Lease options are a recent heated topic of discussion in the property circles. While some buyers are still skeptical about the benefits of lease options, others are raving about it. So, what is this new trending topic that has divided the opinions of property dealers? Let's determine if the lease option is the right tool for landlords and buyers to gain profits from the property.
A lease option is a legal contract that lets a buyer control a property, gain income from it in the form of rent, with the right to buy the property at a later stage. With this explanation, you would've come to understand that two separate agreements go into making the lease option.
You agree to pay the property owner a fixed amount of money every month. You can rent out the property to tenants and manage the property as if it's your own.
You come to an agreement with the owner to an amount at which you have the option (and not obligation) to buy the property at a later stage.
The 4 critical points you need to agree on before getting into lease options are:
You have to agree to pay the owner a monthly payment that usually covers their mortgage and any other costs.
You'll have to agree to a period after which you are obligated to return the property if you haven't used the buy option.
You'll have to agree to a price at which you would be willing to buy the property in the future.
Termed as consideration, according to the laws of contract, you'll have to pay an upfront amount for considering the option. If the lease agreement has to be legally binding, there should be some upfront payment. It can be as low as £1 as well.
The lease option has two separate parts – the lease agreement and the options agreement.
The agreement will specify the exact amount you'll pay the property owner every month and other conditions..
The options agreement will stipulate the length of the contract, the amount you've agreed to pay upfront, the future purchasing price, and more.
In addition to this, you might also want to consider getting yourself another agreement. The restriction on the title agreement which will provide the buyer some legal protection from the property owner offering the property to others.
First, it is always better to get a solicitor's help in drafting the lease options documents. It's unlike a rent-to-rent agreement where it's generally enough to have a solid agreement, and much legal advice is not needed. In a lease options agreement, legal representation must be available for both sides.
You'll have to engage the services of a good solicitor who can draw up an air-tight agreement legally binding on both parties. It is also a good idea to ensure that the property owner also has a solicitor present while signing the agreement. So that they can't later claim coercion or that they didn't understand the legal jargon. This is to make sure that in case the owner backs down from his contract or is unable to honor his terms of the agreement because of financial issues, you don’t end up paying the legal expenses for both parties.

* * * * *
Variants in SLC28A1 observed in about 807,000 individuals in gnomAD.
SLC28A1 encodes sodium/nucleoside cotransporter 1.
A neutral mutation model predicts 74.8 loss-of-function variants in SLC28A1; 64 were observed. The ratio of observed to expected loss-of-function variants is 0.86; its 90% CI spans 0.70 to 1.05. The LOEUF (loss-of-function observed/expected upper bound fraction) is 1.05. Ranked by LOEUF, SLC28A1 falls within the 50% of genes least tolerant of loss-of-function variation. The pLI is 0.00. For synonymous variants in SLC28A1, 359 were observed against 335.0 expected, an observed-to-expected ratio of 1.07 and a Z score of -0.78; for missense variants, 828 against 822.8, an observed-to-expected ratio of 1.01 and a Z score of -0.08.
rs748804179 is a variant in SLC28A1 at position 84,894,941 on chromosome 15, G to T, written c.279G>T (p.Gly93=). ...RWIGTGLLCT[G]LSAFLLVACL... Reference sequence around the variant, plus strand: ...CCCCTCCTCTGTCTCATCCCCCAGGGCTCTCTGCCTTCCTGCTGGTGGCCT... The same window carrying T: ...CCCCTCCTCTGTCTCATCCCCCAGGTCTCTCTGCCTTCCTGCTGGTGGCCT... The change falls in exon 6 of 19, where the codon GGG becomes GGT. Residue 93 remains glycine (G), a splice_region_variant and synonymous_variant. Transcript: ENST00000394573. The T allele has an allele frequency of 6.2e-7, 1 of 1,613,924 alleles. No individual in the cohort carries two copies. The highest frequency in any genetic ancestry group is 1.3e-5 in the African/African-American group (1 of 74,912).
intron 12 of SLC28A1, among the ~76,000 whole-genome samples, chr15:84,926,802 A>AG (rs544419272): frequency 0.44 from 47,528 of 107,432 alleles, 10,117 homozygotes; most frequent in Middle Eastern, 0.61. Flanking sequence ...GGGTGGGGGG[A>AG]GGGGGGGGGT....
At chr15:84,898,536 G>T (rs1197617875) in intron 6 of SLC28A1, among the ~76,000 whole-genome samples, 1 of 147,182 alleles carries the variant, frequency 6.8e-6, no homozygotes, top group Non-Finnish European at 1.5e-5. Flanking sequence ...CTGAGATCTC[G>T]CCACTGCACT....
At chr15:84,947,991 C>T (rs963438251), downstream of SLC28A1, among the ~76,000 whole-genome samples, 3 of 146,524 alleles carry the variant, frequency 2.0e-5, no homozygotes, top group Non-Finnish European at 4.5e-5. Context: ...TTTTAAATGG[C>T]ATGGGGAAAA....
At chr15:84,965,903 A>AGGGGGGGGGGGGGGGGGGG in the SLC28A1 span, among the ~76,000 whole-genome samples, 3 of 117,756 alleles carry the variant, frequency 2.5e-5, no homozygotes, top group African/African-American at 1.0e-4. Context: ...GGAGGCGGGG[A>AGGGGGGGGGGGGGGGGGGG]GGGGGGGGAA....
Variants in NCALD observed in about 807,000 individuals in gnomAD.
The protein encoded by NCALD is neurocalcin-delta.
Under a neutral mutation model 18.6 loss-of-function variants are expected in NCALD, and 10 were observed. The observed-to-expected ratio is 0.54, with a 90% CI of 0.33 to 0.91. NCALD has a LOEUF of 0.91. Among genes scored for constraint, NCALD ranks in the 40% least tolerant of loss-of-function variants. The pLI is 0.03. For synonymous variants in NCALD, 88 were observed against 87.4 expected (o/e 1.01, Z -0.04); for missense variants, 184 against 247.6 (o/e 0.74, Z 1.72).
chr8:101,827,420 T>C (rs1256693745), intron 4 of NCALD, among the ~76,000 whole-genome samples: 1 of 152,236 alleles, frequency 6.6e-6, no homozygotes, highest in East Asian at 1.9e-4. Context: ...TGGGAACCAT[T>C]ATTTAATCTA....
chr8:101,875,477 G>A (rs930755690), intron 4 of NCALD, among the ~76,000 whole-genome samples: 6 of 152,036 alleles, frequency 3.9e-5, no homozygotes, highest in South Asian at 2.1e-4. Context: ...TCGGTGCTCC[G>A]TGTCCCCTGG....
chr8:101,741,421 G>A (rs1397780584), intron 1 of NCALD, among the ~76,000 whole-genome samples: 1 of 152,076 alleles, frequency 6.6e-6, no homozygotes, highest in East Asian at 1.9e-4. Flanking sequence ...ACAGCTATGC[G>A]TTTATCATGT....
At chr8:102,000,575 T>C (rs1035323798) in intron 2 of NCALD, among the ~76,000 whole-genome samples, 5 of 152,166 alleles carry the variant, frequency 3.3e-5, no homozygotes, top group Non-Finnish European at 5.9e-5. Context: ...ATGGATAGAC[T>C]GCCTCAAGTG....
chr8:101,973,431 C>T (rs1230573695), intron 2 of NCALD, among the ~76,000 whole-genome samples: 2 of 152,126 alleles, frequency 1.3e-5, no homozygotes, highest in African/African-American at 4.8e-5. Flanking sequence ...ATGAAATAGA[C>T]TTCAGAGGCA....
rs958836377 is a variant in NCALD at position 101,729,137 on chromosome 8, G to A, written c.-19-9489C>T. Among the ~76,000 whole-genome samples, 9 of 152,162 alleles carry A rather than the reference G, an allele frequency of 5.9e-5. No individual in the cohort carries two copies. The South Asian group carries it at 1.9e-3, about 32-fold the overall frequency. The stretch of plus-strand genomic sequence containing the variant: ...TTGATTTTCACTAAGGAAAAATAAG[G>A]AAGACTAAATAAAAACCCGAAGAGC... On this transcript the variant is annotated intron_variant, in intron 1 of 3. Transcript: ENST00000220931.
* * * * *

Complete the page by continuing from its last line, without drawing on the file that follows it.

Before agreeing to the agreement, you'll have to make sure that both parties are on the same page in terms of:
When you are negotiating the option period, make sure you allow yourself a longer timeline for the property to gain capital. Option period doesn't necessarily mean having the choice to buy the property only at the end of the period. You can buy the property at any time within the option period.
Also, negotiate a monthly payment that is easy for you to pay (even if you have gaps in tenancies), and that is enough for the owner to cover his expenses.
Otherwise known as consideration, the upfront payment is a legal requirement. So it is better to make sure you pay as little as possible so that you don't end up at a loss.
It is better to negotiate a lower option price to earn profits earlier.
If the lease option is structured correctly, it can be a win-win situation for both parties involved:
For example, let's assume I have agreed to a lease on a property worth about £100,000 with an option to buy the same for £110,000. The agreed options period is 5 years, and the agreed consideration is £1. And I have also agreed to pay the property owner £300 per month.
Now, I take control over the property, put it out for tenants, and earn a monthly rental of £700. Monthly maintenance comes to about £100. So, I gain a profit of £300 every month. In the next five years, the profit gained totals £18000.
There are two possible scenarios now:
For a property owner, the lease option wouldn't have been their first choice. They would've chosen this option only because of their unstable financial condition.
Your success in implementing this strategy depends largely on their co-operation.
Finally, if you are interested in lease options on property, I suggest you have a solicitor draw up a solid agreement. It is not advisable to spend too much money on upfront payment. And, always enter into such contracts only when you can identify potential and willing sellers or buyers.